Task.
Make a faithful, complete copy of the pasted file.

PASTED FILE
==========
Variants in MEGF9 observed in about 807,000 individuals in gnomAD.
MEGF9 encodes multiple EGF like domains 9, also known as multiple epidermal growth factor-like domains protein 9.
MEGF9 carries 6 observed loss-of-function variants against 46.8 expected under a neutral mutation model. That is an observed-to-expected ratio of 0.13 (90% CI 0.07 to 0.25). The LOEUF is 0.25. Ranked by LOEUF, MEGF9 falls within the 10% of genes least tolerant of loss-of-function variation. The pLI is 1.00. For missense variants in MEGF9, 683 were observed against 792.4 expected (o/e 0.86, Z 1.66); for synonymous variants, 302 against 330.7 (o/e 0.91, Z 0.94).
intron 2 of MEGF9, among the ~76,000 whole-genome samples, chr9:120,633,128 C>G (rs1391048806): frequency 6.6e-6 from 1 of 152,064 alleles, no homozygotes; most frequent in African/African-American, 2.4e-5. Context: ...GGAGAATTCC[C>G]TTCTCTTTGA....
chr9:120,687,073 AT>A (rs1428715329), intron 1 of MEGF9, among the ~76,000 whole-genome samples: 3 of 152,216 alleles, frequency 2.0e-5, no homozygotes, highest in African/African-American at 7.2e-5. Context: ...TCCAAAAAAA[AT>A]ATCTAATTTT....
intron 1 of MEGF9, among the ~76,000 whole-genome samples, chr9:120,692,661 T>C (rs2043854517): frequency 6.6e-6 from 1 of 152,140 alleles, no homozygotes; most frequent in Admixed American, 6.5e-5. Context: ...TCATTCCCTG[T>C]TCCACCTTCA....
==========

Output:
Variants in MEGF9 observed in about 807,000 individuals in gnomAD.
MEGF9 encodes multiple EGF like domains 9, also known as multiple epidermal growth factor-like domains protein 9.
MEGF9 carries 6 observed loss-of-function variants against 46.8 expected under a neutral mutation model. That is an observed-to-expected ratio of 0.13 (90% CI 0.07 to 0.25). The LOEUF is 0.25. Ranked by LOEUF, MEGF9 falls within the 10% of genes least tolerant of loss-of-function variation. The pLI is 1.00. For missense variants in MEGF9, 683 were observed against 792.4 expected (o/e 0.86, Z 1.66); for synonymous variants, 302 against 330.7 (o/e 0.91, Z 0.94).
intron 2 of MEGF9, among the ~76,000 whole-genome samples, chr9:120,633,128 C>G (rs1391048806): frequency 6.6e-6 from 1 of 152,064 alleles, no homozygotes; most frequent in African/African-American, 2.4e-5. Context: ...GGAGAATTCC[C>G]TTCTCTTTGA....
chr9:120,687,073 AT>A (rs1428715329), intron 1 of MEGF9, among the ~76,000 whole-genome samples: 3 of 152,216 alleles, frequency 2.0e-5, no homozygotes, highest in African/African-American at 7.2e-5. Context: ...TCCAAAAAAA[AT>A]ATCTAATTTT....
intron 1 of MEGF9, among the ~76,000 whole-genome samples, chr9:120,692,661 T>C (rs2043854517): frequency 6.6e-6 from 1 of 152,140 alleles, no homozygotes; most frequent in Admixed American, 6.5e-5. Context: ...TCATTCCCTG[T>C]TCCACCTTCA....